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frequently asked questions


Can I get all of these recipes in a book or in an electronic file?

Yes, and yes. (See below.)

A book? An electronic file?

Both a printed book and a downloadable PDF file are available from

Do the printed book and the downloadable PDF file contain the same content?

Yes. In fact, both are produced from the same file. Both the printed book and the downloadable PDF file contain all of the recipes, plus related content (all the introductions and commentary, excerpts from historic texts, and African proverbs) that appears on the website.). The printed book and PDF file contain no advertising (no banner ads, no text ads) and also no images. PDF files support hypertext links, so the PDF file contains all of the internal (page to page) links in the recipe texts, making it easy to navigate, just like the website. (It does not have the "navigation column" links seen on the side of the webpages.)

PDF file?

Portable Document Format. Once you have the PDF file saved on your computer's hard-drive you can use the Adobe Reader to view it at any time (without being connected to the Internet). You can also print all, or part, of it, and search it by keyword.

To view and print PDF files you must have the free Acrobat Reader installed on your computer.

If you don't have it, visit the Adobe website to download the latest version of Adobe Reader.

Note: The Congo Cookbook PDF file is produced using Adobe Acrobat 4.0. It can be opened with the Adobe Reader 4.0 (or higher). Earlier versions of the Reader will probably not be able to open it. The current version of the Adobe Reader can be obtained -- for free -- at the link above.


The downloadable PDF file is available from

What can I do with The Congo Cookbook Recipes PDF file?

Once you download The Congo Cookbook Recipes PDF file (click the link above) you may keep it in your computer's hard-drive, you may make copies for backup purposes, and, of course, you may read it and make printouts for your own personal use. You may also make printouts of individual recipes to give to colleagues, friends, or students. The Congo Cookbook Recipes PDF file is protected by copyright. You may not make printouts to sell or to distribute to the general public in any way. You may not distribute the electronic file in any form, freely or for payment, via any e-mail system, any computer network, any file-sharing system, by making copies on computer disk, or in any other way.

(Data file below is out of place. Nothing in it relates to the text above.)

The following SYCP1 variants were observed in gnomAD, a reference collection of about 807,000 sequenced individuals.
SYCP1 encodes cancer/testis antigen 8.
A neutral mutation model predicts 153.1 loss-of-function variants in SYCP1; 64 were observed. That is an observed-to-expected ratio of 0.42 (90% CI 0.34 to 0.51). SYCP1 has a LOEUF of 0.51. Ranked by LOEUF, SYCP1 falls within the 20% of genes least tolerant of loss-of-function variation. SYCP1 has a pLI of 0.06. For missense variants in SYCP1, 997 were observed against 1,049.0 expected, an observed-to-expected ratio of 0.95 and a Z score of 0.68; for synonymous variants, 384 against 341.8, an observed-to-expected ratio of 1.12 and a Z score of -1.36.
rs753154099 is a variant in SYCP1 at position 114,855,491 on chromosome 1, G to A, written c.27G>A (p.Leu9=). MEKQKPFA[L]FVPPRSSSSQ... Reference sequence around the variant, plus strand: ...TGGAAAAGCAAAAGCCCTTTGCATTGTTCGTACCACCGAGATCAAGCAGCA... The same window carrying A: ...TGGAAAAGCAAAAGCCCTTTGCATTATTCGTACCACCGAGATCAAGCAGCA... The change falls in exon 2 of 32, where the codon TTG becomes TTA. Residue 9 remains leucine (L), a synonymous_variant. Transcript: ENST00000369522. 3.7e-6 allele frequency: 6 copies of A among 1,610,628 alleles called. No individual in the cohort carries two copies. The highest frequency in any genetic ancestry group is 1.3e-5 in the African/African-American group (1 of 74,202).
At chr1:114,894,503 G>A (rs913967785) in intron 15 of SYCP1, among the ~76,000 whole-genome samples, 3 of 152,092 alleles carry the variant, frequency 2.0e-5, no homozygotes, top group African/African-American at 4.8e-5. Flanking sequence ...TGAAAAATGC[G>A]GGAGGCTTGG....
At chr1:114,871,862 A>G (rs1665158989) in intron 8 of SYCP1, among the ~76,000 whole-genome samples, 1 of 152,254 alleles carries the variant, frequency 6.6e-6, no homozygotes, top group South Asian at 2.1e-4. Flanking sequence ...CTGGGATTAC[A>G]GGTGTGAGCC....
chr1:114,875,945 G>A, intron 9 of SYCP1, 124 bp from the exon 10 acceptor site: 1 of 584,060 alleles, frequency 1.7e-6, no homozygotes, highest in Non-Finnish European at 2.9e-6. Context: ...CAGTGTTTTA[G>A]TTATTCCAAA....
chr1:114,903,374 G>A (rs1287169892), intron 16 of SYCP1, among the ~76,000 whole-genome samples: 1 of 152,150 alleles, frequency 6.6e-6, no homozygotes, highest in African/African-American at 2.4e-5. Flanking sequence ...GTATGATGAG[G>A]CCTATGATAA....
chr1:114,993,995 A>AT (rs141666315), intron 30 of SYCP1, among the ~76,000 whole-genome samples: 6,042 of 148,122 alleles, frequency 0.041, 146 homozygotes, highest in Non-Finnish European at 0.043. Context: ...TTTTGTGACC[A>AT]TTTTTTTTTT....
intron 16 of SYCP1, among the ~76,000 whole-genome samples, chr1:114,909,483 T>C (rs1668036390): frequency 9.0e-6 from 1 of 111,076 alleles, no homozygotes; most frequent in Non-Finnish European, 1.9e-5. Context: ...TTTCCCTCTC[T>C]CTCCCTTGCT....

Also note: the printed version of The Congo Cookbook is also protected by copyright. You may make photocopies of individual recipes to give to colleagues, friends, or students. You may not make copies to sell. You may not distribute the text in any form, freely or for payment, via any e-mail system, any computer network, any file-sharing system, by making copies on computer disk, or in any other way.

All the recipes are available on The Congo Cookbook website for free, so why should anyone pay for the PDF file or the printed book?

It takes time and money to maintain this website and make it available to the public. Thousands of people visit The Congo Cookbook website each month. Judging from the e-mail they send, many of them are students and teachers. You can help us continue to make all of The Congo Cookbook recipes available on the Internet via the website. Other publishers display only a sample of their recipe collection on their websites and make you buy the book to get the complete collection. We have decided to put all of our recipes on our website, but we need your help to continue to do so.

You can help out by buying something from The Congo Cookbook Shop or by purchasing the printed book or PDF file. We certainly would appreciate it.

If you would like to have all (or a lot) of the recipes, you could print them on your computer's printer right from the website. Or copy and paste the recipe text into your word processor. There are hundreds of recipes, so it may take you a while. And there are some things on the website you don't need to copy or print.